David Howard '09.5 slept zero hours the night before day three of the NFL draft. He didn't yet know the Tennessee Titans would select him in the seventh round. He didn't know which NFL city, if any, would be his next home. He didn't know if the last four months of high-intensity training — after a lifetime of preparation — would pay off.
"I tried to put through every possible situation and every possible scenario" while lying in bed, Howard said. "I can't even really begin to tell you what was going through my mind. It was too much."
Still exhausted from the sleepless night, Howard received a phone call in the middle of the seventh round from the Titans. It took him until midway through the conversation to realize that the team had just drafted him.
"Great feeling," he said. "It was wild."
Indeed, his long road to the NFL certainly wasn't conventional.
Howard never dreamed of playing in the NFL as a child.
"I never really thought I was good enough for this," Howard said. "I always thought that professional athletes were beyond-this-world athletes. I didn't think I was capable."
In fact, he didn't even come to Brown to play football.
After verbally committing to play football at Delaware, the Brown track and field program recruited Howard at the last minute. His older brother — who had played football at Harvard — and his dad — who was a high school guidance counselor for 30 years — convinced him to head to the Ivy League.
Once on campus, Howard didn't go unnoticed by the Brown football team for long. On the day he arrived, he found an e-mail in his inbox from one of the assistant coaches of the football team, trying to recruit him to hit the gridiron.
It took him a year before he finally accepted the coach's offer, but when he did, he made an immediate impact on the field. Howard had 4 1/2 sacks his sophomore year, the third-most in the Ivy League.
The same year, he became a two-time shot put Ivy League champion, but after the track season, he dropped track in favor of football.
Football "was just more fun," Howard said. "Football is a team sport. Track is not a team sport, so you don't get that camaraderie."
He didn't realize at the time that he was making a career choice, too. It wasn't until his junior year that playing in the NFL began to seem like a real possibility.
"Scouts started coming around and agents would come up to me after games and try and talk to me," Howard said. "At that point in time, I was like, this is something that I want to do. If this is possible, I'm going to do it."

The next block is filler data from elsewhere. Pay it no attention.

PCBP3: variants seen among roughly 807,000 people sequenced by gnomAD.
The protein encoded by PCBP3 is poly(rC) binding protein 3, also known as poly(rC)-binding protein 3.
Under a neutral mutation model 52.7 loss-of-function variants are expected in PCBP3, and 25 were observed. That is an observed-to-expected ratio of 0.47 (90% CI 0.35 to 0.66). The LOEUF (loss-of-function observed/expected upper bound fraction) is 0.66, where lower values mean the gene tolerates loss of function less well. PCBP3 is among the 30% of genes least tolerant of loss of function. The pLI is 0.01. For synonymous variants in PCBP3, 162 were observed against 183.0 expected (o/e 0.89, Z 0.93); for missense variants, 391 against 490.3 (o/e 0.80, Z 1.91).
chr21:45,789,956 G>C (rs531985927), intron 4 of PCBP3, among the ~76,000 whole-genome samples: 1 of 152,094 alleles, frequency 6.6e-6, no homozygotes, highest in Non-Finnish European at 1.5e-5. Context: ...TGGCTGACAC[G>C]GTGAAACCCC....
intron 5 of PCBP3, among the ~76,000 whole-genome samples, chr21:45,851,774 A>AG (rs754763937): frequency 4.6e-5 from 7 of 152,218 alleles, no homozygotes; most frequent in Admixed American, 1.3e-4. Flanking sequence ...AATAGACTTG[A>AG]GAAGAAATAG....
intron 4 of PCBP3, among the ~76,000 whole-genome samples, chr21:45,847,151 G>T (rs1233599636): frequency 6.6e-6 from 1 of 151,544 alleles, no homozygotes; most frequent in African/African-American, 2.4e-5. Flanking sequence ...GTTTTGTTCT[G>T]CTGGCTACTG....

The scouts started noticing the 6-foot-3-inch, 295-pound senior when he earned first team All-Ivy honors and had 30 tackles, including 13 for loss, 6 1/2 sacks, three fumbles forced and five quarterback hurries.
He had an extra year of NCAA eligibility because he hadn't played football his freshman year, so Howard took off his senior spring and interned at Gilbaine, a Providence construction company.
It was during this time that the first NFL team expressed explicit interest in him. On the Sunday after the 2009 Draft, a representative from the Cleveland Browns called him. But when Howard told the Browns that he was coming back to Brown for a fifth fall, the conversation ended.
"I think they were going to invite me to a camp," Howard said. The Browns representative "didn't really say it, but there was no other reason for him to be calling me."
The economics major returned to the classroom for a fifth fall and again dominated the trenches on the football field. Despite being double-teamed on what he estimated was 85 percent of the snaps, Howard had 29 tackles, including six for losses and one sack. He also led the team in quarterback hurries with eight.
Throughout the season, the NFL scouts kept taking notes.
"I can't think of a team that hasn't been in to at least watch film, talk to my coaches," Howard told The Herald in November. "I talk to a good number of them. I don't get a chance to talk to all of them."
On draft day, it all came down to the Baltimore Ravens, Oakland Raiders, Dallas Cowboys and — at the last minute — the Titans.
"It was kind of hectic getting calls from scouts and teams" during the draft, Howard said. "I was just looking for the team that would give me the best chance to make the roster."
His journey is far from over now. As the 241st overall selection in the draft, Howard will head down to Tennessee rookie minicamp Thursday to begin the battle for a spot on the Titans 53-man roster.
It's a challenge Howard has been looking forward to for a long time.
"I don't think I've ever been challenged to that level," Howard told The Herald in November. "In high school, I played varsity as a freshman. I was just bigger and a better athlete, wherever I went. And you know, coming here I started playing and starting as a sophomore, making an impact as a sophomore. I kind of want to go in when I'm an underdog and see what I'm made of."